President Obama received medical treatment Saturday for a persistent sore throat that his doctor said is being caused by acid reflux.
The president was treated in the morning by an ear, nose and throat specialist from Fort Belvoir Medical Center, under the supervision of his physician, Dr. Ronny Jackson. He said the specialist conducted a fiber optic exam, based on the president's sore throat symptoms over the past couple weeks and that the results showed soft-tissue swelling in the back of the throat.
It is unclear where the exam was conducted because Obama did not officially leave the White House until 2 p.m. for a second exam.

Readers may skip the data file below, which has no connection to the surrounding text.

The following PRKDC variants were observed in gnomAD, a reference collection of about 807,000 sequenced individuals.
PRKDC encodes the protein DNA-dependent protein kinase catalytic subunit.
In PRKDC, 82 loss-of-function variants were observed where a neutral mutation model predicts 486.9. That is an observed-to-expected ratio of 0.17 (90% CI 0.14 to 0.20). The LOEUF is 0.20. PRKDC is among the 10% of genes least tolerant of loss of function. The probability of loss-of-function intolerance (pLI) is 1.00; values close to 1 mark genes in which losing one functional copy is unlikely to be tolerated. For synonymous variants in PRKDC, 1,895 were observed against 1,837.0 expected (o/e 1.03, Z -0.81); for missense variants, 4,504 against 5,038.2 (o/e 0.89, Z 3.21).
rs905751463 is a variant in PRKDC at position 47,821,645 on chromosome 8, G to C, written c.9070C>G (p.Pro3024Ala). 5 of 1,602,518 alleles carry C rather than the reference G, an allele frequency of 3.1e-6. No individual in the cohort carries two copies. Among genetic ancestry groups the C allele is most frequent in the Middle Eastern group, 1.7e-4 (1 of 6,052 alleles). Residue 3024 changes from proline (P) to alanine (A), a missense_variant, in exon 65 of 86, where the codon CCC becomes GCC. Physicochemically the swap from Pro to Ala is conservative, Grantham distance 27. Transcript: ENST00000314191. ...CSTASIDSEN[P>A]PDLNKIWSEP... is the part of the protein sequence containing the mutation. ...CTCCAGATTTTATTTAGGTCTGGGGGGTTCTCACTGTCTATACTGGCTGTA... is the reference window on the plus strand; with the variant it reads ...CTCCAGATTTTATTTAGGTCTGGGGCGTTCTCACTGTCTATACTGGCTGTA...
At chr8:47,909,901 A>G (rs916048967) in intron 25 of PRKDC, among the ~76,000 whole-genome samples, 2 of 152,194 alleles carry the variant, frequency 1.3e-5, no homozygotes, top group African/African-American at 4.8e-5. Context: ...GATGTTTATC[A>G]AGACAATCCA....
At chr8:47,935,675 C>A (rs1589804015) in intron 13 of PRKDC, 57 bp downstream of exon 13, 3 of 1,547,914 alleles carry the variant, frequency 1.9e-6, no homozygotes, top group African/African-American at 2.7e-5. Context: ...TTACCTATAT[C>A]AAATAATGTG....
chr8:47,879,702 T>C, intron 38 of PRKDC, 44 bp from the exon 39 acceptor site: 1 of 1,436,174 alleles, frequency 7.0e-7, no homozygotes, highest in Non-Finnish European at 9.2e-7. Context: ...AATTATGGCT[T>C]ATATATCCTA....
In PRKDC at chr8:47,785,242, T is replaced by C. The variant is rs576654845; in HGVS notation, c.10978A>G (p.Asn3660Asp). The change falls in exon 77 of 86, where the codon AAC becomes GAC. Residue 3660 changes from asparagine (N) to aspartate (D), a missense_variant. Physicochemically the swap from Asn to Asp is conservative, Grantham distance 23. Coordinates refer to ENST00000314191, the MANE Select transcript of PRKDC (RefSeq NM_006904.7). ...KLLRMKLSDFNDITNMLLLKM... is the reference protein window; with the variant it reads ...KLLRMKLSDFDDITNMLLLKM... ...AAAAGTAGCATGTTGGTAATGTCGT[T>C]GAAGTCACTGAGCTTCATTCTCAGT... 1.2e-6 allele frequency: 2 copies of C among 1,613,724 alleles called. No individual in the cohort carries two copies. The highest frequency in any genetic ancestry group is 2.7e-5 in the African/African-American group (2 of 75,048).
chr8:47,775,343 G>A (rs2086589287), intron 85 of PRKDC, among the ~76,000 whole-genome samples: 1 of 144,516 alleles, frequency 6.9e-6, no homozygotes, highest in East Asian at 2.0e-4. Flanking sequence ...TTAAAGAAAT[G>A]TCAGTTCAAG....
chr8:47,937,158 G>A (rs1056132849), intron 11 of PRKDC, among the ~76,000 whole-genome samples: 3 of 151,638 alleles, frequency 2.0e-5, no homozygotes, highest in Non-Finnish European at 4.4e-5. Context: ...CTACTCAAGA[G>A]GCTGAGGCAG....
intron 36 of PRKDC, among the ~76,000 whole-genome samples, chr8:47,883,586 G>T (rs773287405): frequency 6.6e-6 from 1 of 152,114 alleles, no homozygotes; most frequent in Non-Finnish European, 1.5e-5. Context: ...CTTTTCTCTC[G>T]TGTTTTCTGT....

Jackson said he determined after the first procedure, after consulting with the specialist, that "further evaluation with a routine CT scan was prudent."
He also said the symptoms are consistent with soft tissue inflammation related to acid reflux and will be treated accordingly.
The second procedure was performed at the Walter Reed National Military Medical Center in Bethesda, Md.
Jackson said the scan, the results of which were normal, was conducted as a matter of convenience for the president’s schedule -- not out of necessity.
White House Press Secretary Josh Ernest said the president had some free time in his schedule Saturday afternoon.
The 53-year-old Obama had a physical exam in May and was said to be in excellent health.
The trip to Walter Reed and back took about an hour and 40 minutes.
The Associated Press contributed to this report.